A villa surrounded by a peaceful garden in the heart of the Lombard capital, housing sensational works of art, where you can still immerse yourself in the glamorous world of Milan’s interwar years.
Secluded in the heart of an elegant, peaceful part of central Milan, Villa Necchi Campiglio was designed in the early 1930s by the architect Piero Portaluppi at the behest of sisters Nedda and Gigina Necchi and Gigina’s husband Angelo Campiglio, who embodied the cultured Lombard upper-middle class and were very much in synch with their time.
The building, nestling in an enchanted garden complete with tennis court, now a space for private events, and swimming pool (amongst the earliest such facilities in a domestic context in Milan), is characterised by generously proportioned, linear volumes; while the first floor served as a prestigious reception area, with the magnificent veranda overlooking the greenery, the upper floor played host to the bedrooms. These spaces were conceived for people who were hard-working but also capable of savouring their free time in the company of guests and friends, even in ways that were rather unconventional for that period – this explains the presence of the screening room and the gymnasium. Here, innovation was translated into both comfort and efficiency, as evinced by the lifts, dumbwaiters, internal intercoms, reinforced sliding doors and walled cellars. All of these luxurious, modern features made the villa one of the iconic residences of the period.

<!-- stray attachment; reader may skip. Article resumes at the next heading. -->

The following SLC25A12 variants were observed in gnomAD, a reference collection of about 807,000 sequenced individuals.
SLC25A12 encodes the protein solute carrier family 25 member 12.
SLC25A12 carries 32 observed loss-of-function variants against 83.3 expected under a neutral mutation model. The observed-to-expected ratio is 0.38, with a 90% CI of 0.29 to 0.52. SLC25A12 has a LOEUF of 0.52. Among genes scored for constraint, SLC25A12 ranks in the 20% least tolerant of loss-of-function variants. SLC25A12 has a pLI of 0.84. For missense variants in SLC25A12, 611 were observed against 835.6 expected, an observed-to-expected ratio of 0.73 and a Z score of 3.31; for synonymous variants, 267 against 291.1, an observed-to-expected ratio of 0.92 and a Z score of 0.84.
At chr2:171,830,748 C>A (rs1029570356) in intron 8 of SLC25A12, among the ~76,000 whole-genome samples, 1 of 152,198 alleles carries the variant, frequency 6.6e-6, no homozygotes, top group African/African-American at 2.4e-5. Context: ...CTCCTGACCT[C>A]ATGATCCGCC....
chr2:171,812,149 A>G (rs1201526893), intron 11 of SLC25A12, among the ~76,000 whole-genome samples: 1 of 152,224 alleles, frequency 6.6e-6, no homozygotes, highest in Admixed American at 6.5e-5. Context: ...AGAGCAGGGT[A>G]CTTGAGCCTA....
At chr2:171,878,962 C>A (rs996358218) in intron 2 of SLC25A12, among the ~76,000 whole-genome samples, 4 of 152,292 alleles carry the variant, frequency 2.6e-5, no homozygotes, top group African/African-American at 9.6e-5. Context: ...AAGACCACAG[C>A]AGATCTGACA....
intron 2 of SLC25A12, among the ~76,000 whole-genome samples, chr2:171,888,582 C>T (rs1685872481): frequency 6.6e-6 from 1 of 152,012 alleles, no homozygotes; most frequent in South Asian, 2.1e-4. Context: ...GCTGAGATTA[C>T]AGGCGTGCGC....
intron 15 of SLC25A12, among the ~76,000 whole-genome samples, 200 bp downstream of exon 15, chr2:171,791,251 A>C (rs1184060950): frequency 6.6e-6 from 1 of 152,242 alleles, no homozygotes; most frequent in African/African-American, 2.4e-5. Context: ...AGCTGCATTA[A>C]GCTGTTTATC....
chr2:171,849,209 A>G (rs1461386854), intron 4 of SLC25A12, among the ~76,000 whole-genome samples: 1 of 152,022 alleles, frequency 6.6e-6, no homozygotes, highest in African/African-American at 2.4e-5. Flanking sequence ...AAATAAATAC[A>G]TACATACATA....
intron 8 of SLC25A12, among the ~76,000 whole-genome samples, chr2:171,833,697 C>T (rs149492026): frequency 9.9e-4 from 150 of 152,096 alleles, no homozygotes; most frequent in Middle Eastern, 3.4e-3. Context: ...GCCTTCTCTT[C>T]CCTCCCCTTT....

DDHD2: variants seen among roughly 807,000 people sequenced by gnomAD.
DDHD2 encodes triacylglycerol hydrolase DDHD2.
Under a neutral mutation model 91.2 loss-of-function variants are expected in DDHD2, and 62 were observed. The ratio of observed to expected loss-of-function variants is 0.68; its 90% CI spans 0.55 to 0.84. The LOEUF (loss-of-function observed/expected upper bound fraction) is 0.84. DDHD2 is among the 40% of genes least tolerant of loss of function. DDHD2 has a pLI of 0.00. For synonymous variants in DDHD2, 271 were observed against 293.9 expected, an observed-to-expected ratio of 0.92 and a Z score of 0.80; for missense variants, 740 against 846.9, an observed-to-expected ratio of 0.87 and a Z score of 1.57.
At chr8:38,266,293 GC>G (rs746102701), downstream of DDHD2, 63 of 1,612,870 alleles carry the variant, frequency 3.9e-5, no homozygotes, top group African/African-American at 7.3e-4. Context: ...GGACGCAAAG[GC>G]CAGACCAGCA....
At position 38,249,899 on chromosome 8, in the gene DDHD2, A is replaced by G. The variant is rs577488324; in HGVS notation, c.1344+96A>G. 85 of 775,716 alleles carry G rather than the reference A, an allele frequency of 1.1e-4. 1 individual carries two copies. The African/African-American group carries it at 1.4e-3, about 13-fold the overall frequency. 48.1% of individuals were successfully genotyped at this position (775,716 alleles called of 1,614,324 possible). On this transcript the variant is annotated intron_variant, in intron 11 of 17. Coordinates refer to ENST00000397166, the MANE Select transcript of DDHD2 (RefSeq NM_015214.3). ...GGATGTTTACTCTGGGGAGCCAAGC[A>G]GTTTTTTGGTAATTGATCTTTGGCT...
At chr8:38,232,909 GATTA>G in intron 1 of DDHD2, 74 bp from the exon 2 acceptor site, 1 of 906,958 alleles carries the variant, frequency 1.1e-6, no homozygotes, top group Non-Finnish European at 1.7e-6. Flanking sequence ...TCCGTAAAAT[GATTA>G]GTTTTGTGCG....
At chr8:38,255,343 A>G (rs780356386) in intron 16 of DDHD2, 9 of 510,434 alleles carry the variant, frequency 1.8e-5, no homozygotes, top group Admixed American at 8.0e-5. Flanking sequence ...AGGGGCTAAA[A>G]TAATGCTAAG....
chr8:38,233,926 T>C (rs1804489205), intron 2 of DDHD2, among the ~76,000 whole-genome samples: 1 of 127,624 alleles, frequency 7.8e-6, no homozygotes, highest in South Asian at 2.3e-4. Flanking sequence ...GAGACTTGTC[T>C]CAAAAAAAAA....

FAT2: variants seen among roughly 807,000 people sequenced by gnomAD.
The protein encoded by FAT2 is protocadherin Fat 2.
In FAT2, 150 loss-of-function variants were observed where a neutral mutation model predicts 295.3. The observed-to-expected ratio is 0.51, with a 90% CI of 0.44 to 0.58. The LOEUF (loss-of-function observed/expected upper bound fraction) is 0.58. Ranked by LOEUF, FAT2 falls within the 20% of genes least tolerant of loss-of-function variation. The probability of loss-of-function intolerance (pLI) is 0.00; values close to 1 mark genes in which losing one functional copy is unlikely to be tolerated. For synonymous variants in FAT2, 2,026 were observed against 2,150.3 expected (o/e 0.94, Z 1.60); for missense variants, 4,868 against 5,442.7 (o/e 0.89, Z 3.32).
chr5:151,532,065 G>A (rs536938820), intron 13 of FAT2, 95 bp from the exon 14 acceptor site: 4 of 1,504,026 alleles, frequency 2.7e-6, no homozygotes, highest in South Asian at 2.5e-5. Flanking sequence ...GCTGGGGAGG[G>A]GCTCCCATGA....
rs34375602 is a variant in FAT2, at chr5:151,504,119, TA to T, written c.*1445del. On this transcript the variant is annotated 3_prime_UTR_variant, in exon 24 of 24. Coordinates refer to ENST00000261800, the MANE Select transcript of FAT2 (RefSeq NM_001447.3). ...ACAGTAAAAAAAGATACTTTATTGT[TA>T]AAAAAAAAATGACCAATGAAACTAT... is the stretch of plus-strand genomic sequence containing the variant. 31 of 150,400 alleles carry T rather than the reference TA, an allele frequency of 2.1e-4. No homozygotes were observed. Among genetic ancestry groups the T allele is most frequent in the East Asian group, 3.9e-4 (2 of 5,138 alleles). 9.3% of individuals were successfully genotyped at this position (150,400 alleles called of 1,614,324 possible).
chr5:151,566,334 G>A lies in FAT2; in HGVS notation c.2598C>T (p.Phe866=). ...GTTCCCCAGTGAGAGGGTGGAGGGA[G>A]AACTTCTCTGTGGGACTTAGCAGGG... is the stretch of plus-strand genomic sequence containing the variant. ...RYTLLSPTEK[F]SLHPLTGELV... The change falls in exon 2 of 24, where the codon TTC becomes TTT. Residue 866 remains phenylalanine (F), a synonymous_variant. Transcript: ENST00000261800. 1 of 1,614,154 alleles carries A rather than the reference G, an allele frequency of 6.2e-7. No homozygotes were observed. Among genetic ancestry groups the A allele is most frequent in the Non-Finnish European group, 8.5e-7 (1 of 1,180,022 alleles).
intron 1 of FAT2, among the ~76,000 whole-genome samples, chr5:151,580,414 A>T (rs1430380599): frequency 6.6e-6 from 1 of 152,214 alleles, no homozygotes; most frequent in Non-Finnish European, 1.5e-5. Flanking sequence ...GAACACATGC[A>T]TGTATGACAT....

Villa donated to FAI by Gigina Necchi Campiglio and Nedda Necchi in 2001. Alighiero and Emilietta de’ Micheli collection donated to FAI in 1995. Claudia Gian Ferrari collection donated to FAI in 2009.